First it was Scott Forstall, who ran software development for the iPad and iPhone at Apple. Now Steve Sinofsky, head of Microsoft’s Windows division and the person responsible for turning the disaster that was Vista into Windows 7 and now Windows 8. Both considered brilliant. Both delivered high-profile products that are critical to their employers’ success. Both fired.
Why fired? Many versions of the truth (and even more theories) flying around, but there are two interesting similarities. First, both men, by all accounts, are total shits – they don’t play nicely with others, and not many people want to work with or for them. Second, both companies did the kumbaya thing in their respective press releases, talking about how the changes will lead to greater “collaboration” (in Forstall’s case) and “integration” (in Sinofsky’s case) across divisions.
Putting aside the differences in Apple’s and Microsoft’s respective businesses, there is the generic question: what price genius? I fundamentally believe no one is irreplaceable, but is creating harmony always in a company’s best interest? Can the natural tension that arises from combining a bunch of Type A’s and alpha males/females lead to better results? Or is it best to get rid of that one bad apple (no pun intended), no matter how shiny, to make sure the rest of the tree survives and flourishes? No easy answers here – so much depends on things like a company’s business, its culture, its operating environment, its competitive position, etc. But there will be lessons to be learned – we’ll have to wait and see what happens to both companies without the man thought most likely to carry on the legacy of Steve Jobs and the guy who was going to return the luster to a tarnished Microsoft.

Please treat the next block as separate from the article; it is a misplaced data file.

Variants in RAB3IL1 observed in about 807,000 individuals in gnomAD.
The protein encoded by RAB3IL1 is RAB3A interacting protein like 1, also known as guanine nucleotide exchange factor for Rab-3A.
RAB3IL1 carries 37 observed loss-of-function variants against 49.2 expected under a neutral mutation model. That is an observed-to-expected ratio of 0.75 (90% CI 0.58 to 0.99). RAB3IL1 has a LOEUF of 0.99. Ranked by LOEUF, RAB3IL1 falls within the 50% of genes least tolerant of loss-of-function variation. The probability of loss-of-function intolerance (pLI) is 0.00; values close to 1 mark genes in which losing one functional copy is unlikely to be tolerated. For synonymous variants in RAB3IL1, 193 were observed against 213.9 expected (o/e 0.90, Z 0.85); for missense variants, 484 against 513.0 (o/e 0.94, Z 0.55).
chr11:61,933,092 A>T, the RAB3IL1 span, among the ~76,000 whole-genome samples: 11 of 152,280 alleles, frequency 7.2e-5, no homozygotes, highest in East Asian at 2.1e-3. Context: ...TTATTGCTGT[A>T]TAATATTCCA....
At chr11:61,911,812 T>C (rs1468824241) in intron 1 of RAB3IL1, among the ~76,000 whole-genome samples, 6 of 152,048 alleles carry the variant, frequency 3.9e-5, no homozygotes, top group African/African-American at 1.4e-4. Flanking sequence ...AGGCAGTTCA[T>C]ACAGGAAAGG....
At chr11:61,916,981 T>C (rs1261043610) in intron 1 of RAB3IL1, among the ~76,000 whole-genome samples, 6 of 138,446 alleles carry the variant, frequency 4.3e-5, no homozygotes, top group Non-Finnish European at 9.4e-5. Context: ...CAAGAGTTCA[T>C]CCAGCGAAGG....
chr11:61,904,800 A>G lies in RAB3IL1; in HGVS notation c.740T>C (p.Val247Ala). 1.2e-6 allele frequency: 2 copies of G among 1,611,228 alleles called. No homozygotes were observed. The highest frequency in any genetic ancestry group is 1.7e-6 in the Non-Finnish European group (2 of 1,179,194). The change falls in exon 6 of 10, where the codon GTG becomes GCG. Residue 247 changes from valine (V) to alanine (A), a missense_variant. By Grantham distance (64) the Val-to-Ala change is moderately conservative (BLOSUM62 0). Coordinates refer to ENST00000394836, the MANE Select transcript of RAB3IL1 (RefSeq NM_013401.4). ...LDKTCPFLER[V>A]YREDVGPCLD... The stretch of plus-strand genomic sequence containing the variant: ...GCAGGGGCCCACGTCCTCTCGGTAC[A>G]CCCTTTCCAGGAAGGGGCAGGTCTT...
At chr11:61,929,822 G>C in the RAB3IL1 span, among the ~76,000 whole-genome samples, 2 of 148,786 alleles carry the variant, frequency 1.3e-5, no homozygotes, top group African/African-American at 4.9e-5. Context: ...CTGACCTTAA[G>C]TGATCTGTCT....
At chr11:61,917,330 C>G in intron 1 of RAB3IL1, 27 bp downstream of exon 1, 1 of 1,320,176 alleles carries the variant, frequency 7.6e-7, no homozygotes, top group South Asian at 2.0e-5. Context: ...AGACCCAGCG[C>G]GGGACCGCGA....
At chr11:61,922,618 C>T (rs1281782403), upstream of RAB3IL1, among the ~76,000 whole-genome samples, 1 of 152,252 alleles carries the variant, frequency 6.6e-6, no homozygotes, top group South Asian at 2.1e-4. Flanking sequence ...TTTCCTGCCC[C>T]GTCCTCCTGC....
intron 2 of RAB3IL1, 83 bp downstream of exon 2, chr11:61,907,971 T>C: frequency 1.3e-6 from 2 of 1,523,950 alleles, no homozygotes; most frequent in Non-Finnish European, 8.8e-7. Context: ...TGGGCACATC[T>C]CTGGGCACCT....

First, my apologies to my very small but growing group of loyalists – if you’d had a month like the one I just had, blogging would have been at the bottom of your list of priorities too. Thankfully, bones are knitting, surgical scars are healing, and life is returning to something that resembles normal.
One quick post before everyone scatters for the holiday weekend. I have been a Blackberry loyalist for about a decade, and after much resistance, have recently come to terms with the very sad truth that the company’s products are going the way of the Motorola StarTac. (Hmmm, since tech superstar Justin Timberlake is otherwise engaged in reviving one moribund former digital darling, maybe his The Social Network co-star Jesse Eisenberg can help RIM out – I mean, they have similar credentials, right? Just a thought.) Not only have they consistently failed to innovate over the last few years, but their products don’t even keep pace with iOS and Android features. Adding insult to injury, the developer community has abandoned them in droves – the death knell in the era of the smart phone and the iPad. (Btw, can we all agree to abandon, at least for now, the generic “tablet?” The only tablet of consequence is the iPad.) Finally, the enterprise market, which RIM has long dominated by a substantial margin, is migrating in increasing numbers to the iPhone as employees demand the cooler, sleeker and (gulp) just plain better device.
One brave high level RIM employee has published an anonymous open letter to co-CEOs Jim Balsillie and Mike Lazaridis (well-respected tech site BGR has verified the employee’s identity) that gives a straight up account of all that is wrong with the company and some smart, clear cut moves that need to be made quickly to restore the company to its former glory. Kudos to Mr./Ms. Whistleblower – after all, any schmuck can tell you it’s raining, but not everyone has the ability or good sense to give you an umbrella.